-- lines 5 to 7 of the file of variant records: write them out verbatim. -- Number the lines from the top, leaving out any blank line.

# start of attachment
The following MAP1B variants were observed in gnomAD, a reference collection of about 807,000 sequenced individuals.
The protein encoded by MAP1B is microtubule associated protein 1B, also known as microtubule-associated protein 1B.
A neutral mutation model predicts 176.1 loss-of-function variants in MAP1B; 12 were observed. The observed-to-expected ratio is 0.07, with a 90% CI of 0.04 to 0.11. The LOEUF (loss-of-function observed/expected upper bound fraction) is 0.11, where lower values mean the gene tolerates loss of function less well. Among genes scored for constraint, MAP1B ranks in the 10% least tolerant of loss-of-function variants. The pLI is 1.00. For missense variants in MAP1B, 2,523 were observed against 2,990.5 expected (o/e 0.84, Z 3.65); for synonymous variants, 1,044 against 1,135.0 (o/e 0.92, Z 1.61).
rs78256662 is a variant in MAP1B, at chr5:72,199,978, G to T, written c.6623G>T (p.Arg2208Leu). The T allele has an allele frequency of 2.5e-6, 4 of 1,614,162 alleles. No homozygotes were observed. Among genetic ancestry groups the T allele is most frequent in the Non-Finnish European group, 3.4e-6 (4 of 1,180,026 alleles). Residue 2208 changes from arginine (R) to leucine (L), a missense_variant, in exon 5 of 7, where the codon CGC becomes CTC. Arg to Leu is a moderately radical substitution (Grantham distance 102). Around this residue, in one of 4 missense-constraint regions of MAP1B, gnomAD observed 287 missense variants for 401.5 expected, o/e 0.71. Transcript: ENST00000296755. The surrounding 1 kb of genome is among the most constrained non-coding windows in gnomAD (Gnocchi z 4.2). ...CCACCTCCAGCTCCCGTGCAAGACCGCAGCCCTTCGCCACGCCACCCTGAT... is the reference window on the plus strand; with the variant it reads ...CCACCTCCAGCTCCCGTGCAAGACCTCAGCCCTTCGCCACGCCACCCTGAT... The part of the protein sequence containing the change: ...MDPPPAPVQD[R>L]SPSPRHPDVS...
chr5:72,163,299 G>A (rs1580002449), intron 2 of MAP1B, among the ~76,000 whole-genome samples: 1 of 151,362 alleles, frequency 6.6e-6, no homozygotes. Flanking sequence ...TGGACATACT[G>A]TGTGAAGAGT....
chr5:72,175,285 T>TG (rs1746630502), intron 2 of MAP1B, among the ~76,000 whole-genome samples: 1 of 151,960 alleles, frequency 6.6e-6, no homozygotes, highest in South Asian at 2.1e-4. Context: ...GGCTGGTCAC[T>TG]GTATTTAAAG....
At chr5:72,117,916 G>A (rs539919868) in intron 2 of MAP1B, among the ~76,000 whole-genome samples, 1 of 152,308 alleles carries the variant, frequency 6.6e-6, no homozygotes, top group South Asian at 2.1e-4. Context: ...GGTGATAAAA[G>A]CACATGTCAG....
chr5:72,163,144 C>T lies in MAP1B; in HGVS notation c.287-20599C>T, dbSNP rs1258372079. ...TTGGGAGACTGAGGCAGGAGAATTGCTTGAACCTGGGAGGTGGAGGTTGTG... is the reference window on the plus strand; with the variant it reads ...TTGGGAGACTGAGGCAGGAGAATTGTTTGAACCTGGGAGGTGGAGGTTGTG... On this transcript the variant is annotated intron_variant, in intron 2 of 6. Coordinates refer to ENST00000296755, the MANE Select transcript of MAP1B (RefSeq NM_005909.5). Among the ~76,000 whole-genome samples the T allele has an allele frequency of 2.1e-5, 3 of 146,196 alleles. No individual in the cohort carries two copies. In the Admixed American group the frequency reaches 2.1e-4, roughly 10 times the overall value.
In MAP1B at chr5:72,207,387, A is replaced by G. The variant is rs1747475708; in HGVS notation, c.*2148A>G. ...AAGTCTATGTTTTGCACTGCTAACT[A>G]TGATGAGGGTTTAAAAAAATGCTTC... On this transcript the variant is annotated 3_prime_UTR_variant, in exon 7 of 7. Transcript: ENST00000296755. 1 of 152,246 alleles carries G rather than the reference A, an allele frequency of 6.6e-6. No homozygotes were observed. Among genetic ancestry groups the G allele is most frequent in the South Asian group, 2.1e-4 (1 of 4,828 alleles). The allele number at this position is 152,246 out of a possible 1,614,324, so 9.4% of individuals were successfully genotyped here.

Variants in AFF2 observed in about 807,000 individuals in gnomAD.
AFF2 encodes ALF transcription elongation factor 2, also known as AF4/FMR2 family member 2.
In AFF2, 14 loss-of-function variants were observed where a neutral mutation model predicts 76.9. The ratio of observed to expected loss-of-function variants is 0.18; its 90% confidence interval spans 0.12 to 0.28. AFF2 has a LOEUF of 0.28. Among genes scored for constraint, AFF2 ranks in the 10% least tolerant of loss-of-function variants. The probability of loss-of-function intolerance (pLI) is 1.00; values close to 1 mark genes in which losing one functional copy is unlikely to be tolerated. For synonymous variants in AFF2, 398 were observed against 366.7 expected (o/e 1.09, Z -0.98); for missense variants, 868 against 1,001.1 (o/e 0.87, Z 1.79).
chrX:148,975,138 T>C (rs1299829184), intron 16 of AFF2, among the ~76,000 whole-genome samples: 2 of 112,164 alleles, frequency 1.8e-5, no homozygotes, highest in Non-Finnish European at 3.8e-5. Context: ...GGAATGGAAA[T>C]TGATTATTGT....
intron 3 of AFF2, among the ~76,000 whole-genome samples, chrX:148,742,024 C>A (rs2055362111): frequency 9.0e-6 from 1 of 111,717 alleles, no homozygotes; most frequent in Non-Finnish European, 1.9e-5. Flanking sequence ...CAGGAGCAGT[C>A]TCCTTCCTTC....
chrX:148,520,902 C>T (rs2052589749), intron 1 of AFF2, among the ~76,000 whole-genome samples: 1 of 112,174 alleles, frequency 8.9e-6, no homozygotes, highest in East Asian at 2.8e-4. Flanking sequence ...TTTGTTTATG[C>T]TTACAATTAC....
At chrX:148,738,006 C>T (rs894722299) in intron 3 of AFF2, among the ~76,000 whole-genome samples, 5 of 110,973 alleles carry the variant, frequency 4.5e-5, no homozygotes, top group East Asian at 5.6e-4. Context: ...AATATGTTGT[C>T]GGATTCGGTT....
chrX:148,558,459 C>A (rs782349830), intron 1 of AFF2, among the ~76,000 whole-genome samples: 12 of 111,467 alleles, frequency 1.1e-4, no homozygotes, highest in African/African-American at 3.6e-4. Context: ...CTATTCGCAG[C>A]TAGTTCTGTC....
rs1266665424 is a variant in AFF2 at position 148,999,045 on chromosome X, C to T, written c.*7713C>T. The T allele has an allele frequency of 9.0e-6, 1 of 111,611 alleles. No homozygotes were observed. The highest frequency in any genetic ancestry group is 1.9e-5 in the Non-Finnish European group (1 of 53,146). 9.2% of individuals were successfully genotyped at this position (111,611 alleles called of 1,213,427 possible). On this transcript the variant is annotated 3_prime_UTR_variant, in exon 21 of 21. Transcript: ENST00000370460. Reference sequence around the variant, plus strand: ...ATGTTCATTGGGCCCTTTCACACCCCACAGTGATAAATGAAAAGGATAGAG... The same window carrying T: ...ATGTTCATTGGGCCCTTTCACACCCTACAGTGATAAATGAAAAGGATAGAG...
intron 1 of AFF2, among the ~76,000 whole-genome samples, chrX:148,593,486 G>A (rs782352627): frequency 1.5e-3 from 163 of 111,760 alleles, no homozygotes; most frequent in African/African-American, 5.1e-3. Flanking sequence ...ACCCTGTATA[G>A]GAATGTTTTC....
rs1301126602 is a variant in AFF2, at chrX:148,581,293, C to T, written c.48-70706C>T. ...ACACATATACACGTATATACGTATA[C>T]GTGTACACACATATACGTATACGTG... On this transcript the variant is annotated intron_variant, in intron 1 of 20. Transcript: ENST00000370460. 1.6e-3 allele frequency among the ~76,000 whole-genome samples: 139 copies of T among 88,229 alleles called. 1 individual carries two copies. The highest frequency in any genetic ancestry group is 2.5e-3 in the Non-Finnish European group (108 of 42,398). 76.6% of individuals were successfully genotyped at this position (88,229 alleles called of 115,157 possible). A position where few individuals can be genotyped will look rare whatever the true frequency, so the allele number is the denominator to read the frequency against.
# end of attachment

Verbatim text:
chr5:72,163,299 G>A (rs1580002449), intron 2 of MAP1B, among the ~76,000 whole-genome samples: 1 of 151,362 alleles, frequency 6.6e-6, no homozygotes. Flanking sequence ...TGGACATACT[G>A]TGTGAAGAGT....
chr5:72,175,285 T>TG (rs1746630502), intron 2 of MAP1B, among the ~76,000 whole-genome samples: 1 of 151,960 alleles, frequency 6.6e-6, no homozygotes, highest in South Asian at 2.1e-4. Context: ...GGCTGGTCAC[T>TG]GTATTTAAAG....
At chr5:72,117,916 G>A (rs539919868) in intron 2 of MAP1B, among the ~76,000 whole-genome samples, 1 of 152,308 alleles carries the variant, frequency 6.6e-6, no homozygotes, top group South Asian at 2.1e-4. Context: ...GGTGATAAAA[G>A]CACATGTCAG....